Let’s face it pensions and planning for the future are not exciting things. I don’t currently pay into a pension, I know I should but the whole thing confuses me and at 35 I keep thinking I’ve got a long way to go. I get paperwork for the pensions I do have and they come in dull brown envelopes with official looking letterheads inside. If pension companies sent me information in sparkly glitter envelopes I’d be more inclined to open and read it but I highly doubt this will change. Then there’s the confusing jargon they use in letters. Most days I struggle to remember whether Roo requires a PE kit or a book bag so asking me to anticipate what my expected annual income may be when I retire is seriously pushing the limits of my already taxed brain.
So here’s a guest post that aims to quash the boringness of pensions.
Getting old is not something many think about but it is important. As a parent it can be easy to focus on the family and children, especially from a financial point of view, but looking after your future is just as important now.
As such, here are a few ways to look at the future and what to consider about your retirement.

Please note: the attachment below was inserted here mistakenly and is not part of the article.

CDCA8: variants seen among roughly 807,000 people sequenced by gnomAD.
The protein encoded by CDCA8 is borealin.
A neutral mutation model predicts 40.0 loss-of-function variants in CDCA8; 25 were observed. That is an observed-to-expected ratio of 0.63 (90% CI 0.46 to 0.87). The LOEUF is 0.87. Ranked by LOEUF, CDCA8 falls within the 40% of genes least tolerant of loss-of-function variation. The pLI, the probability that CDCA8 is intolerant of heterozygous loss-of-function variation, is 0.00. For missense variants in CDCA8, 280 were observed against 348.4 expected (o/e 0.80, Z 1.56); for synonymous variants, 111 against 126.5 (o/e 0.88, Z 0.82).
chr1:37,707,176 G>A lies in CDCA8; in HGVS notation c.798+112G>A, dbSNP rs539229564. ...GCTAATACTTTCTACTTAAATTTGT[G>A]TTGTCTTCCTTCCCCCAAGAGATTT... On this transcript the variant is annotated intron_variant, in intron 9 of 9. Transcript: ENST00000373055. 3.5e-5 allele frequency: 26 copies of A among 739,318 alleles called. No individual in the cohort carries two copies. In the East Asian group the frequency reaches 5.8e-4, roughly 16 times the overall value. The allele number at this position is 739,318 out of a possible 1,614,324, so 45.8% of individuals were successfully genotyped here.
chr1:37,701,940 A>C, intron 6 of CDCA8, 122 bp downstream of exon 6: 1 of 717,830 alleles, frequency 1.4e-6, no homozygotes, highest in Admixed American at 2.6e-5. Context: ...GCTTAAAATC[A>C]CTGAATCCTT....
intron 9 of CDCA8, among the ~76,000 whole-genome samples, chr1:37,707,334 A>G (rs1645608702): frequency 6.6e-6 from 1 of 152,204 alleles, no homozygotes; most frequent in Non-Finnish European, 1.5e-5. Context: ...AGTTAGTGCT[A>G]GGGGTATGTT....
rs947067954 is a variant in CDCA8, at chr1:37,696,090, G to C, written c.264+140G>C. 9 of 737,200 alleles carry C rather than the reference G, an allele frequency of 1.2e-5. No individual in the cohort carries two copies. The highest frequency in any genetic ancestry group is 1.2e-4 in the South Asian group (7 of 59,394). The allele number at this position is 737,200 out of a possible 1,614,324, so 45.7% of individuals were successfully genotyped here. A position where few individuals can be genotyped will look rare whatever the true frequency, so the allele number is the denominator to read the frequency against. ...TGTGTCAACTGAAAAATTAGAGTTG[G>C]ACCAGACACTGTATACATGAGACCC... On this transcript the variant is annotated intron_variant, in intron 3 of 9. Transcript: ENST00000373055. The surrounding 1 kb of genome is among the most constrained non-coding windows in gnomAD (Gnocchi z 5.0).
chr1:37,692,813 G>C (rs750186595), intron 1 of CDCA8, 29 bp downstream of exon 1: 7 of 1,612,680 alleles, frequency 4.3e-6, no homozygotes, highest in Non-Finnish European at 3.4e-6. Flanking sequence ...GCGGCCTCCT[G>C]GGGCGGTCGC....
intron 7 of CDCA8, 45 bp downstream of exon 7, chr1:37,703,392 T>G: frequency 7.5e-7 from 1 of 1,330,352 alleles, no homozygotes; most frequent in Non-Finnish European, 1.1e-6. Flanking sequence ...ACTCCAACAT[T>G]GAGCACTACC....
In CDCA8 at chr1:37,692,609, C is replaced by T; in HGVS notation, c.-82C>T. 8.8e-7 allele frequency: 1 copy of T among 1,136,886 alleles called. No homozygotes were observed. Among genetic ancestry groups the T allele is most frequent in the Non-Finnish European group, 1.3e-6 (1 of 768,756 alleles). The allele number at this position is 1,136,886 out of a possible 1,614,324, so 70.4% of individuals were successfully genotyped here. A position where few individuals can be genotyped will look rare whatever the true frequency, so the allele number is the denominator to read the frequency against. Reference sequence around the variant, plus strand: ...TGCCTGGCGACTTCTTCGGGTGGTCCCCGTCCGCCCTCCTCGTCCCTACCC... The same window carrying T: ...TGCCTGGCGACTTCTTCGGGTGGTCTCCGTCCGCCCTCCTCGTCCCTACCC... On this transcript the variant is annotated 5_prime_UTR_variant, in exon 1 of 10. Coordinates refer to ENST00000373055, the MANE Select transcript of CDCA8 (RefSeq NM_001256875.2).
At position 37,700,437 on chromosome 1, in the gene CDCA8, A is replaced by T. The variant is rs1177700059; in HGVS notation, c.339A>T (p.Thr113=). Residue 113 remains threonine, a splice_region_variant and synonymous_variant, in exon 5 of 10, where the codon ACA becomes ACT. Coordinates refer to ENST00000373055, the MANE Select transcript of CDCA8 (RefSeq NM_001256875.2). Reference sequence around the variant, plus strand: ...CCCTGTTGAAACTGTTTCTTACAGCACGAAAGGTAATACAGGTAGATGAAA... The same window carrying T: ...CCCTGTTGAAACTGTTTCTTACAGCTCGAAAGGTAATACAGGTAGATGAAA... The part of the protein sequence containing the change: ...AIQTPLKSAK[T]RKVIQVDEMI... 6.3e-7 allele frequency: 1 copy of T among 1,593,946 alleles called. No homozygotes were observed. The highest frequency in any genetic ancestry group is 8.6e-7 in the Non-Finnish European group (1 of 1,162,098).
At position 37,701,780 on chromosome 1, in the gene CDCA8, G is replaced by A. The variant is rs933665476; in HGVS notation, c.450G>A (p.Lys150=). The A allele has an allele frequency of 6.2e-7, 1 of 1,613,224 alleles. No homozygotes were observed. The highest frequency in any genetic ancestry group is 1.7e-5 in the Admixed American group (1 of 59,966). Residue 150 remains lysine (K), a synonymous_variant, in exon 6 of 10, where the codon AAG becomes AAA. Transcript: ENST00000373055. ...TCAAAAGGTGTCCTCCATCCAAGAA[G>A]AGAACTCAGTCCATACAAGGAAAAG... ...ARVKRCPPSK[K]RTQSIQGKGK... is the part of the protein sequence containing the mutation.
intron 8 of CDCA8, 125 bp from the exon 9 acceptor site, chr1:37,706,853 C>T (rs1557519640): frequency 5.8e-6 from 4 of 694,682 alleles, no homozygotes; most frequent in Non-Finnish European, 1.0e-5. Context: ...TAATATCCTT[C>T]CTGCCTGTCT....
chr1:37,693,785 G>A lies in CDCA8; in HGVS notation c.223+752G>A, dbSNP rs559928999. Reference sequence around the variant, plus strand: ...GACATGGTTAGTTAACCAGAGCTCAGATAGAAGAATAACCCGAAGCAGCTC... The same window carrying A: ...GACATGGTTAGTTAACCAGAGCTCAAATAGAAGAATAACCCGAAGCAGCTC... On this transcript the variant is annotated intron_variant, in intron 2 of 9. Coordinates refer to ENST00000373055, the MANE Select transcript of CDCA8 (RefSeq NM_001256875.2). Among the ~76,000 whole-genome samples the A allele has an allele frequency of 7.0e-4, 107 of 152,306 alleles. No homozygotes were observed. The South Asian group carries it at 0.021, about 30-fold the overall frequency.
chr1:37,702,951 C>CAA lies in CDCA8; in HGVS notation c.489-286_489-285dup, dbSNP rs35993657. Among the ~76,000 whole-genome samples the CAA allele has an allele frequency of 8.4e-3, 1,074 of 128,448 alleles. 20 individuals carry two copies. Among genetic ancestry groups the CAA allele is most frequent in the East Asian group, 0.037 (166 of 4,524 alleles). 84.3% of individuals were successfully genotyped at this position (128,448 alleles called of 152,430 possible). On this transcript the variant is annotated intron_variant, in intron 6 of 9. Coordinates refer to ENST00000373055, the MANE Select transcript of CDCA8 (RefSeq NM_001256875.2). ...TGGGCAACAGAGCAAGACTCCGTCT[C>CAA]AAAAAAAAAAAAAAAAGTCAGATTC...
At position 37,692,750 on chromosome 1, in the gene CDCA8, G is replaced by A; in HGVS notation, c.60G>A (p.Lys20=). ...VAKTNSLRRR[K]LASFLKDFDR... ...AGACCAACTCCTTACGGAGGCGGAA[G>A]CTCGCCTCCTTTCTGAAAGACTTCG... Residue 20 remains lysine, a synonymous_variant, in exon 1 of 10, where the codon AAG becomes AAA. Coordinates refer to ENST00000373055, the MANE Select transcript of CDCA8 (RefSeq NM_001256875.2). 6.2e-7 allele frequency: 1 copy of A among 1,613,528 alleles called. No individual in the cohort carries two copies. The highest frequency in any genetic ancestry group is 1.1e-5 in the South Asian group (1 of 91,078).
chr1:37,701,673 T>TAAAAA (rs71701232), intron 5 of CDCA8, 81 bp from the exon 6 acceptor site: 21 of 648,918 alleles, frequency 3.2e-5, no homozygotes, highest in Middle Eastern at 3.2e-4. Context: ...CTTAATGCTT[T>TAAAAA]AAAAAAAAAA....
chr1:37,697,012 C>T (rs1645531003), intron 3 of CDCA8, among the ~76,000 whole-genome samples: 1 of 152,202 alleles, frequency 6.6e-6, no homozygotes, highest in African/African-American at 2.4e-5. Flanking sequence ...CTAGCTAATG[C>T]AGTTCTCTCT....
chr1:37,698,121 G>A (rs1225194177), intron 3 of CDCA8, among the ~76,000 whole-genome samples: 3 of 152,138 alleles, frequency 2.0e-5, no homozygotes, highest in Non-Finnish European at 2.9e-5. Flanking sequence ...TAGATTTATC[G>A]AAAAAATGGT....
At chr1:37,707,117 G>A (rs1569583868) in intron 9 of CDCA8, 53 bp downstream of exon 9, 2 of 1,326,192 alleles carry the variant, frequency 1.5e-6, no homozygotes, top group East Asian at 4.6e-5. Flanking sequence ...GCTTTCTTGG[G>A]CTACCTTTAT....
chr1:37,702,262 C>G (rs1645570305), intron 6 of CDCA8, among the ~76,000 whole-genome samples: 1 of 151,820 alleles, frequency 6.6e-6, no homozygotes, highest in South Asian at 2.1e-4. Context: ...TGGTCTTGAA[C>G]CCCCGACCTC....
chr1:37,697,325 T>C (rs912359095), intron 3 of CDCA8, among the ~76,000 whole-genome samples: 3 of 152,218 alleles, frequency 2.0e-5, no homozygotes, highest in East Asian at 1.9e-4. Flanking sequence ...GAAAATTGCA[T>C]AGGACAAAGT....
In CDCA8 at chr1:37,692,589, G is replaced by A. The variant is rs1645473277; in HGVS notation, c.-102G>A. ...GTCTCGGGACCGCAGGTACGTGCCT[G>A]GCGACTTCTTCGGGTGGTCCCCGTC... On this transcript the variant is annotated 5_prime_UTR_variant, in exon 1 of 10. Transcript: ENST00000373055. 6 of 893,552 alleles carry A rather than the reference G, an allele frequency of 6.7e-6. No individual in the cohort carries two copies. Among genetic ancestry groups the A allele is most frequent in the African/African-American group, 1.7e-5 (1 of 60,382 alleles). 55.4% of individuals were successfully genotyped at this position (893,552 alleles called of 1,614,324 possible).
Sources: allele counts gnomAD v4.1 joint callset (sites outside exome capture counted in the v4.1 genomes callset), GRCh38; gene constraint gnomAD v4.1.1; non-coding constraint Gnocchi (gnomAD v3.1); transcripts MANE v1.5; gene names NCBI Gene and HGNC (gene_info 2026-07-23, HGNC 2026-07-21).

One of the easiest and most common ways to save for the future is through a pension. There are various types of pensions available, depending on your circumstances, and as a UK citizen you will more than likely be entitled to a state pension. Even then, you need to check to see how much you can expect personally as it differs depending on your circumstances and how much you’ve paid in over your working life.
Likewise, work-based pensions are becoming more common which may prove a beneficial alternative. This can be quite complicated to work out but finding the best pension available to you will increase the money you have during your retirement.
You can find out more about pensions at Money Vista.
Savings and annuities
In addition to this, you also have the option of saving up or investing in an annuity. Savings are straight forward and consist of collecting as much as you can to support yourself financially throughout your retirement. Arguably you have to gauge how much money you will need on your own whereas pensions and annuity can offer longer, regular payments that make these calculations for you.
An annuity, simply put, is where you pay in a large amount of money in exchange for regular payments. This can prove useful as many annuities pay out for life. As such, paying into one can ensure a more permanent form of income with which to support yourself.
Finally, as a parent, you may need to learn and adapt to focusing on yourself. Once you reach retirement, most of your children may be independent and this means you’re no longer responsible for supporting them.
Pensions can often be limited on what they offer you so money spent on other people might be more difficult to find. Putting your needs first is therefore essential and you may even find that you begin to turn to your kids for financial aid rather than the other way round.
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